Be prepared for sticker shock if you traditionally buy or bake pecan pies for the holidays.
One Maryland store had them listed at more than $30 for a 12-inch pie, according to a news release.
For those who feel comfortable in the kitchen, you can bake your own for about $15.
Blame last year's drought in the South for this year's short crop and the higher prices, says Sara BhaduriHauck, a faculty Extension assistant with the University of Maryland in Harford County.
Although the higher prices may challenge holiday shoppers, it increased the per-pound profits for pecan growers, many of whom were hit hard by the drought, she says.
The dry weather took a toll on this year's crop, since because fruiting buds develop a year prior to the actual crop.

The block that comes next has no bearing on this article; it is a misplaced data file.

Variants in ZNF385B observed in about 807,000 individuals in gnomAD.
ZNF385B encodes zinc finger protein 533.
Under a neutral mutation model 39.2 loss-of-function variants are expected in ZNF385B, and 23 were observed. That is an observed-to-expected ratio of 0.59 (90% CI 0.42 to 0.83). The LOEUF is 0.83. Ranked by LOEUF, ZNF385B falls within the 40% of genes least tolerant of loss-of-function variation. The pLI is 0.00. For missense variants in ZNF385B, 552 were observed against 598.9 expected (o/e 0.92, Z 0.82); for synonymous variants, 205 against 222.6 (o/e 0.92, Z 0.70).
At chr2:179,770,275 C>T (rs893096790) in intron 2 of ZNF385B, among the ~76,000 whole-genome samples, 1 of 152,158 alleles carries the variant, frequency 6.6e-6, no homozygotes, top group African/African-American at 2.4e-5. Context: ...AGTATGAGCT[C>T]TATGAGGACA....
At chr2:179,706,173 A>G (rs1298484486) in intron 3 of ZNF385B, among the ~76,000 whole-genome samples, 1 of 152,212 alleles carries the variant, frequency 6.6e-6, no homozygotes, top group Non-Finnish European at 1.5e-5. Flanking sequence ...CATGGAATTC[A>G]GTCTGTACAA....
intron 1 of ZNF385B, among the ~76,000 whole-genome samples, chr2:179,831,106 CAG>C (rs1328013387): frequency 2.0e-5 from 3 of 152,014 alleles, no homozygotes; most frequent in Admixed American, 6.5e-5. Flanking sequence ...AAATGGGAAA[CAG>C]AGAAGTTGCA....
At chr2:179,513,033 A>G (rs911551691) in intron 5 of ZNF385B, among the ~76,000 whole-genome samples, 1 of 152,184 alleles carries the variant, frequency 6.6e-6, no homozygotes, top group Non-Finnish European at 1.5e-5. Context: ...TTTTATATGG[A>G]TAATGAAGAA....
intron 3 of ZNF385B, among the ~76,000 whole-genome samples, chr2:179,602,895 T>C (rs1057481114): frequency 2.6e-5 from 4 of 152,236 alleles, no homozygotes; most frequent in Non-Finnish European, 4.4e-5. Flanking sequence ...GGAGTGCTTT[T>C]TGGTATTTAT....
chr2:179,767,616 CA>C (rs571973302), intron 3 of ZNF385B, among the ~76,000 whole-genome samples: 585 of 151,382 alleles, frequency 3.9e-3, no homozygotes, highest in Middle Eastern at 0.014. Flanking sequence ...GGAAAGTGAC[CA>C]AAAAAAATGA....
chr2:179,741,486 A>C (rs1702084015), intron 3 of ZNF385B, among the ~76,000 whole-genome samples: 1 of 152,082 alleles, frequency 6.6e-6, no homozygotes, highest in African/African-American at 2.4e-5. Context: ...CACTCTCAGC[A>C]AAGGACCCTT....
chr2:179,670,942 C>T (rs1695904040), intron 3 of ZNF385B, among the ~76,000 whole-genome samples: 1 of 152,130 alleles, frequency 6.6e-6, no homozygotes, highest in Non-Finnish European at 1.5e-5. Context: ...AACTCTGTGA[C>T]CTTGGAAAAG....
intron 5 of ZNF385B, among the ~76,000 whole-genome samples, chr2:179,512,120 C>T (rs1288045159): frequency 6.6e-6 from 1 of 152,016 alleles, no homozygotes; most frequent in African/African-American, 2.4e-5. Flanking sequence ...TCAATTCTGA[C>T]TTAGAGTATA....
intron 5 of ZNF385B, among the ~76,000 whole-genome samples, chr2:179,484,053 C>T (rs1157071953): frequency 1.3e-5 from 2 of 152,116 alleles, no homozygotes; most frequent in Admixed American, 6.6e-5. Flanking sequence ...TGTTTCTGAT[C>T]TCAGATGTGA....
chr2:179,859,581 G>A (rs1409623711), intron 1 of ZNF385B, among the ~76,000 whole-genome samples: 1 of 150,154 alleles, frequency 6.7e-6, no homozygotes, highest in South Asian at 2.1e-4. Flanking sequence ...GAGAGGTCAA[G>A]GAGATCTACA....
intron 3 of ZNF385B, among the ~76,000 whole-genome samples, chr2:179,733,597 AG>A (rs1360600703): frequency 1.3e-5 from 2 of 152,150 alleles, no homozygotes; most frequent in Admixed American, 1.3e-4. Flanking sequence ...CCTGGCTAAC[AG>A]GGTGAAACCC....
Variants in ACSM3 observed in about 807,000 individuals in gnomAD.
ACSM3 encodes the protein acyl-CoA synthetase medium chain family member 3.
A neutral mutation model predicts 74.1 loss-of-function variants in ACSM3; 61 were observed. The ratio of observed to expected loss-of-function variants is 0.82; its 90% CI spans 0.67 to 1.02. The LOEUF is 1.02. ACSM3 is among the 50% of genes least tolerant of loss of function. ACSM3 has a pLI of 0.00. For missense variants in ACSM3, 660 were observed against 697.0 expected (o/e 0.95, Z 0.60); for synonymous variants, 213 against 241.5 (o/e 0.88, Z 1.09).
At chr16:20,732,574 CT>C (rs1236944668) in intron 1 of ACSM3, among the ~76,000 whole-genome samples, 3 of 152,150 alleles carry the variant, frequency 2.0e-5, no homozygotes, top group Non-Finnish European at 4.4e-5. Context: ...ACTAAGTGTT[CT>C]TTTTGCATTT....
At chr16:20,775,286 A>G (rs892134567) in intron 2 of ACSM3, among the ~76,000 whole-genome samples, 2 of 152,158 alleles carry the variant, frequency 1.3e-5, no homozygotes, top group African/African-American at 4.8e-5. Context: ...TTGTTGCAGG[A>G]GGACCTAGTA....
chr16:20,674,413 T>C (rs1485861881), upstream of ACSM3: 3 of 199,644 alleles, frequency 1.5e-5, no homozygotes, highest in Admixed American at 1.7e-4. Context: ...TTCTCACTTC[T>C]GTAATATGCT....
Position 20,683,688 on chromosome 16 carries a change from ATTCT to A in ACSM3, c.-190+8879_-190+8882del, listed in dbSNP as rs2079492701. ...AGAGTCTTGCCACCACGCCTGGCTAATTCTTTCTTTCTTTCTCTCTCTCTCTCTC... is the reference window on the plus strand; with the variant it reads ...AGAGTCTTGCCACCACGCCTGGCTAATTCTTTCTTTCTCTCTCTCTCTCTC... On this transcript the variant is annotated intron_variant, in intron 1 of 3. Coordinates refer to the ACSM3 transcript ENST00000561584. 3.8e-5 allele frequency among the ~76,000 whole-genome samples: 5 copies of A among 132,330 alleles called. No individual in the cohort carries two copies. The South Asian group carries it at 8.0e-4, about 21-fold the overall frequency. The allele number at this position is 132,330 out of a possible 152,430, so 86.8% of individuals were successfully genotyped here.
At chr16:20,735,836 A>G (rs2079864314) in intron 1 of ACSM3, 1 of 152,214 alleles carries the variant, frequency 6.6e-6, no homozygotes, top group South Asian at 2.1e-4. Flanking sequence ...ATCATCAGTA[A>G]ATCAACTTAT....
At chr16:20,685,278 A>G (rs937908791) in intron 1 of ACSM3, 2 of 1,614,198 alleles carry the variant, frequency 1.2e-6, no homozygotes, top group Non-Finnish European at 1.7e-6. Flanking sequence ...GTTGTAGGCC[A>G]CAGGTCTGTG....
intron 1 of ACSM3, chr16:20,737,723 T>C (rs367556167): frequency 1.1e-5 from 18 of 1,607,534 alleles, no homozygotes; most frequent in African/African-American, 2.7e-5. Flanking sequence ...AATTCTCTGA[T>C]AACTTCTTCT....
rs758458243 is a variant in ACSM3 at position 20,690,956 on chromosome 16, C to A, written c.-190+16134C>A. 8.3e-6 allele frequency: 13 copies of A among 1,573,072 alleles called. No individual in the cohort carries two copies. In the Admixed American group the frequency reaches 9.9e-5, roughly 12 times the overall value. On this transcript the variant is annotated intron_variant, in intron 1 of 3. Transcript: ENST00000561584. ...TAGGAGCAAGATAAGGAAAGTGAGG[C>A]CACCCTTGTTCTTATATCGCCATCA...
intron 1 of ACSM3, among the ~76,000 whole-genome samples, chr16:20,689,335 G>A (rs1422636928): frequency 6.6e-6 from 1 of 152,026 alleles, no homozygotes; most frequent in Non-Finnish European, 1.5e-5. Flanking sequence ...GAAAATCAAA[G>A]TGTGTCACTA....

Pecans also are alternate bearing, having a heavy crop one year and a much lighter crop the following year.
This year, yields in Texas were down 43 percent and in Louisiana, down 55 percent, compared to last year.
Altogether, the South is responsible for 80 percent to 95 percent of the world's pecan supply.
In addition, demand from Asia has grown steadily over the past few years, jumping almost 00 percent between 2000 and 2009.
Chinese consumers particularly like pecans during their new year, which coincides with American winter holidays.
Chinese also like their pecans roasted in the shell, rather than shelled like most American consumers. As a result, Chinese buyers typically purchase nuts directly from the farmers so many pecans never make it to a U.S. sheller.